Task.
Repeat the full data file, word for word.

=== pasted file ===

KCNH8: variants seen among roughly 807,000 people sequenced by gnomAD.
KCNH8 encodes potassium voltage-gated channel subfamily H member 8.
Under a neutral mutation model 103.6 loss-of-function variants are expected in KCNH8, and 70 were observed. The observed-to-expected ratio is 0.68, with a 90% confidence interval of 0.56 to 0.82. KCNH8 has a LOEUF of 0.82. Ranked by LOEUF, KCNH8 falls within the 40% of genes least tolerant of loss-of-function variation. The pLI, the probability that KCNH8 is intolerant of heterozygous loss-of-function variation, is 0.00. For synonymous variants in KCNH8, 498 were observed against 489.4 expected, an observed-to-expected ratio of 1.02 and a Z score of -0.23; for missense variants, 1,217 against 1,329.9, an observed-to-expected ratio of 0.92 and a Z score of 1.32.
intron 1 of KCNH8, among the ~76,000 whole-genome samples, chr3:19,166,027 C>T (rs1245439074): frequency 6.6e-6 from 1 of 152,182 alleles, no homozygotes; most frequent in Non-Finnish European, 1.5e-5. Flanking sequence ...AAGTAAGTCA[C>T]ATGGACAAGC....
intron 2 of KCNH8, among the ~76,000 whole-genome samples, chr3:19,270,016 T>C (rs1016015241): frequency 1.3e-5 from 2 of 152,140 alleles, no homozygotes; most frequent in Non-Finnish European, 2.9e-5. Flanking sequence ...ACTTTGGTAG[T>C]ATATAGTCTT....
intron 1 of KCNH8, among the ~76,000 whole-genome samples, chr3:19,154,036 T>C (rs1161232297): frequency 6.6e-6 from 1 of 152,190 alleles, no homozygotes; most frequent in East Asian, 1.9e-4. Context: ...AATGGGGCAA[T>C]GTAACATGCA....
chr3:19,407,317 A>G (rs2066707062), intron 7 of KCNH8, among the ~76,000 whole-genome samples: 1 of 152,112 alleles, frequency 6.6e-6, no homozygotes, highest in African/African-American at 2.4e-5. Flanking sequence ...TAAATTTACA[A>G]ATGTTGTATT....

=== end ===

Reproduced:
KCNH8: variants seen among roughly 807,000 people sequenced by gnomAD.
KCNH8 encodes potassium voltage-gated channel subfamily H member 8.
Under a neutral mutation model 103.6 loss-of-function variants are expected in KCNH8, and 70 were observed. The observed-to-expected ratio is 0.68, with a 90% confidence interval of 0.56 to 0.82. KCNH8 has a LOEUF of 0.82. Ranked by LOEUF, KCNH8 falls within the 40% of genes least tolerant of loss-of-function variation. The pLI, the probability that KCNH8 is intolerant of heterozygous loss-of-function variation, is 0.00. For synonymous variants in KCNH8, 498 were observed against 489.4 expected, an observed-to-expected ratio of 1.02 and a Z score of -0.23; for missense variants, 1,217 against 1,329.9, an observed-to-expected ratio of 0.92 and a Z score of 1.32.
intron 1 of KCNH8, among the ~76,000 whole-genome samples, chr3:19,166,027 C>T (rs1245439074): frequency 6.6e-6 from 1 of 152,182 alleles, no homozygotes; most frequent in Non-Finnish European, 1.5e-5. Flanking sequence ...AAGTAAGTCA[C>T]ATGGACAAGC....
intron 2 of KCNH8, among the ~76,000 whole-genome samples, chr3:19,270,016 T>C (rs1016015241): frequency 1.3e-5 from 2 of 152,140 alleles, no homozygotes; most frequent in Non-Finnish European, 2.9e-5. Flanking sequence ...ACTTTGGTAG[T>C]ATATAGTCTT....
intron 1 of KCNH8, among the ~76,000 whole-genome samples, chr3:19,154,036 T>C (rs1161232297): frequency 6.6e-6 from 1 of 152,190 alleles, no homozygotes; most frequent in East Asian, 1.9e-4. Context: ...AATGGGGCAA[T>C]GTAACATGCA....
chr3:19,407,317 A>G (rs2066707062), intron 7 of KCNH8, among the ~76,000 whole-genome samples: 1 of 152,112 alleles, frequency 6.6e-6, no homozygotes, highest in African/African-American at 2.4e-5. Flanking sequence ...TAAATTTACA[A>G]ATGTTGTATT....